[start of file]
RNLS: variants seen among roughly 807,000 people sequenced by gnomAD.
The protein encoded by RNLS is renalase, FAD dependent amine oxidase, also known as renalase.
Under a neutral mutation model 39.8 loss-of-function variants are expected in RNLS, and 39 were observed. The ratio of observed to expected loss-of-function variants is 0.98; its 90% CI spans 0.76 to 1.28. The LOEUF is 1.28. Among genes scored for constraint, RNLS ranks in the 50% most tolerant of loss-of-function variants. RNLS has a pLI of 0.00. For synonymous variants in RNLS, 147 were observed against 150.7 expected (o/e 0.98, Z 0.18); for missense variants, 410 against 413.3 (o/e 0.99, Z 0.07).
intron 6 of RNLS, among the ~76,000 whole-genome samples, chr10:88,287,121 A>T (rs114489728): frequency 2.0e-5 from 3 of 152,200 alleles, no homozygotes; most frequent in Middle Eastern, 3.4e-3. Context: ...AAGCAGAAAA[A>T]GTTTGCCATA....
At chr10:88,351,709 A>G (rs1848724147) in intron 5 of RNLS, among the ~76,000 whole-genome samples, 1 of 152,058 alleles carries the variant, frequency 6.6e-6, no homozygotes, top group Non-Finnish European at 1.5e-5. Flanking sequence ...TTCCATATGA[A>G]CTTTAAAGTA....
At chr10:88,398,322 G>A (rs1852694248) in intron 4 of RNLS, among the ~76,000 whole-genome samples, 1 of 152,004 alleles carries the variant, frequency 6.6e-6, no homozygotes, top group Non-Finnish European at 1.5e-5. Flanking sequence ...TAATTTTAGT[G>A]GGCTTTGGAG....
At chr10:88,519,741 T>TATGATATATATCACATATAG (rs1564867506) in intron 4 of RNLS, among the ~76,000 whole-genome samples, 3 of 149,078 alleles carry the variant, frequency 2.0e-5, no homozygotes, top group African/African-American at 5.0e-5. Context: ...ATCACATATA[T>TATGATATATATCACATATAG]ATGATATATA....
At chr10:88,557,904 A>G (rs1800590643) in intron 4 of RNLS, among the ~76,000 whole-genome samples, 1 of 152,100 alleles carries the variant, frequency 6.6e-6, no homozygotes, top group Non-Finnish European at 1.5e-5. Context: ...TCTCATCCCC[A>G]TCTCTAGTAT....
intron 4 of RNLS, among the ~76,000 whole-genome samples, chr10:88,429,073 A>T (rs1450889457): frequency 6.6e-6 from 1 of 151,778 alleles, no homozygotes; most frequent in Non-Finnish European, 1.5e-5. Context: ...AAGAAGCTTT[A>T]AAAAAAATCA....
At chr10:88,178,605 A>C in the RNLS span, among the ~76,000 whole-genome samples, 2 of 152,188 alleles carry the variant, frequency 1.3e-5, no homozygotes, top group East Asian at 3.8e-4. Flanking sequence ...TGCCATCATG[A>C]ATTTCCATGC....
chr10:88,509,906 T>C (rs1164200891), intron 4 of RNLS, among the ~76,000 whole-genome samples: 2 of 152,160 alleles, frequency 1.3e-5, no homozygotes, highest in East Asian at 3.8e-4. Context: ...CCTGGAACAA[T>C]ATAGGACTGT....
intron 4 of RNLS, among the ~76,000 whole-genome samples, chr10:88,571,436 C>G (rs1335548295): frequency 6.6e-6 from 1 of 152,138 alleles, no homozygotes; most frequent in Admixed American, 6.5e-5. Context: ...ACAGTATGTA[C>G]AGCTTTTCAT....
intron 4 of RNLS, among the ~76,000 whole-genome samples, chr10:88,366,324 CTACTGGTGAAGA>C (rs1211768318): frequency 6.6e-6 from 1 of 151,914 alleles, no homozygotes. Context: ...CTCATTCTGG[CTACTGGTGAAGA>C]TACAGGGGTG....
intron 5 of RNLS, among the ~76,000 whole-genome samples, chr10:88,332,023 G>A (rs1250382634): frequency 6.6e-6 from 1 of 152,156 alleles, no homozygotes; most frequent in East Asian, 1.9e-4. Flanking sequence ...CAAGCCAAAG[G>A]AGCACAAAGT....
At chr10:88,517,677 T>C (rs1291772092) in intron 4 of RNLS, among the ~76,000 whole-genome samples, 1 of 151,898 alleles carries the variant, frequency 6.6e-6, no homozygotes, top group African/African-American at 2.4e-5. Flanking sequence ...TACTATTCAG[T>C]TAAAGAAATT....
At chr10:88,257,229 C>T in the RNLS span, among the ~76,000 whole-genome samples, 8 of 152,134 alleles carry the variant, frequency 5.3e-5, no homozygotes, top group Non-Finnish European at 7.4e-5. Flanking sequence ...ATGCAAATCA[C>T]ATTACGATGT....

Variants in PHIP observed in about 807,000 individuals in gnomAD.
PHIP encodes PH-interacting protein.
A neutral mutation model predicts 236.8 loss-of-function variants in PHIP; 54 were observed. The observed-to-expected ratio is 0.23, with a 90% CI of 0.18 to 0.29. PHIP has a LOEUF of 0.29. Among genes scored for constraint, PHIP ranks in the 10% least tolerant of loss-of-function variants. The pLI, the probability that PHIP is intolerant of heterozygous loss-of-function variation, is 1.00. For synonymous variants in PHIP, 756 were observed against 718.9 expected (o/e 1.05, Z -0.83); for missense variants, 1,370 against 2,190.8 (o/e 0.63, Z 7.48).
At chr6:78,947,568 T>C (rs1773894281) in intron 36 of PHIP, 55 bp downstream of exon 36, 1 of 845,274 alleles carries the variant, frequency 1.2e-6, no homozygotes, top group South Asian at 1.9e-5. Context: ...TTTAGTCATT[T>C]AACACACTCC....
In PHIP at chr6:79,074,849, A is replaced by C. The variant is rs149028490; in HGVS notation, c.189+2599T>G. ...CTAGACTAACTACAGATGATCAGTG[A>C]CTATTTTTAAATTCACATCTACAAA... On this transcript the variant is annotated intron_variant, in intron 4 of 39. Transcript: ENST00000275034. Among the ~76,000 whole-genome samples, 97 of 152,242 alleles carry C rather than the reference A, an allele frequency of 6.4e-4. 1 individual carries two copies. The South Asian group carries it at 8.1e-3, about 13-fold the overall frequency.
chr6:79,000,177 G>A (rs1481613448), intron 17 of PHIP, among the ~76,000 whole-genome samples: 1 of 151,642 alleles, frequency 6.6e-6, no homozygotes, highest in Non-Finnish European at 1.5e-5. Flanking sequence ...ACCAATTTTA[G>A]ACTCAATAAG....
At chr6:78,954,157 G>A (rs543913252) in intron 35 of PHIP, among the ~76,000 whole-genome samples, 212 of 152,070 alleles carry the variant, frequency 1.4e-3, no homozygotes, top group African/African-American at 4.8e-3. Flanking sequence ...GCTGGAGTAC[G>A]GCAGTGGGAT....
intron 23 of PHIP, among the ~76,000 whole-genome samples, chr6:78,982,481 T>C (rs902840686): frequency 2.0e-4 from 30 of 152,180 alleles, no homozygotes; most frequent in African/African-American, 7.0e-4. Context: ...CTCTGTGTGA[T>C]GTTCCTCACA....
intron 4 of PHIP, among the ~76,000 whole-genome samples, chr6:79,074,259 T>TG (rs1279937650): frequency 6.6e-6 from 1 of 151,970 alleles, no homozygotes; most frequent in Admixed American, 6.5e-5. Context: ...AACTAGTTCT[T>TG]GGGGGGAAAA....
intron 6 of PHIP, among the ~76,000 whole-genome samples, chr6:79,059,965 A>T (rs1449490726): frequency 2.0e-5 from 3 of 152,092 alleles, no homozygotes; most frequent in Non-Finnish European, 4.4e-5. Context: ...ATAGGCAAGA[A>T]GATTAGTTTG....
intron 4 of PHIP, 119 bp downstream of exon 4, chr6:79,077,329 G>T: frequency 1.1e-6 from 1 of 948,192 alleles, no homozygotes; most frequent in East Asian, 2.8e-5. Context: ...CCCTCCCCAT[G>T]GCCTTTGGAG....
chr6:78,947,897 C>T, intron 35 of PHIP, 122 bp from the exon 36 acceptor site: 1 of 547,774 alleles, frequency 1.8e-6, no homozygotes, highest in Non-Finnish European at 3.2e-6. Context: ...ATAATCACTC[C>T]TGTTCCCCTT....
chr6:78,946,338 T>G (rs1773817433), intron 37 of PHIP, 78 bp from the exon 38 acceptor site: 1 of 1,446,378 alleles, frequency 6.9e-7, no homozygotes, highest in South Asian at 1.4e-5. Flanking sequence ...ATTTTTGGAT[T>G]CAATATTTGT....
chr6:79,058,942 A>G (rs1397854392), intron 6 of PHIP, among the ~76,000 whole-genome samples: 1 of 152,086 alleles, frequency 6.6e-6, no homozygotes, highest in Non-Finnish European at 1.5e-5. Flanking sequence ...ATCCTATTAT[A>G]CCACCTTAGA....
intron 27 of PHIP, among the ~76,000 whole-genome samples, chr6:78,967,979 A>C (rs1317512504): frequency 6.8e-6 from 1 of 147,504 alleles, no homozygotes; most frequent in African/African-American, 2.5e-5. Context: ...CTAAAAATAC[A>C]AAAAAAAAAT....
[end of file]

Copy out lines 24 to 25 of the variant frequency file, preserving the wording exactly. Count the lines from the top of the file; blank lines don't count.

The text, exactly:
intron 23 of PHIP, among the ~76,000 whole-genome samples, chr6:78,982,481 T>C (rs902840686): frequency 2.0e-4 from 30 of 152,180 alleles, no homozygotes; most frequent in African/African-American, 7.0e-4. Context: ...CTCTGTGTGA[T>C]GTTCCTCACA....
intron 4 of PHIP, among the ~76,000 whole-genome samples, chr6:79,074,259 T>TG (rs1279937650): frequency 6.6e-6 from 1 of 151,970 alleles, no homozygotes; most frequent in Admixed American, 6.5e-5. Context: ...AACTAGTTCT[T>TG]GGGGGGAAAA....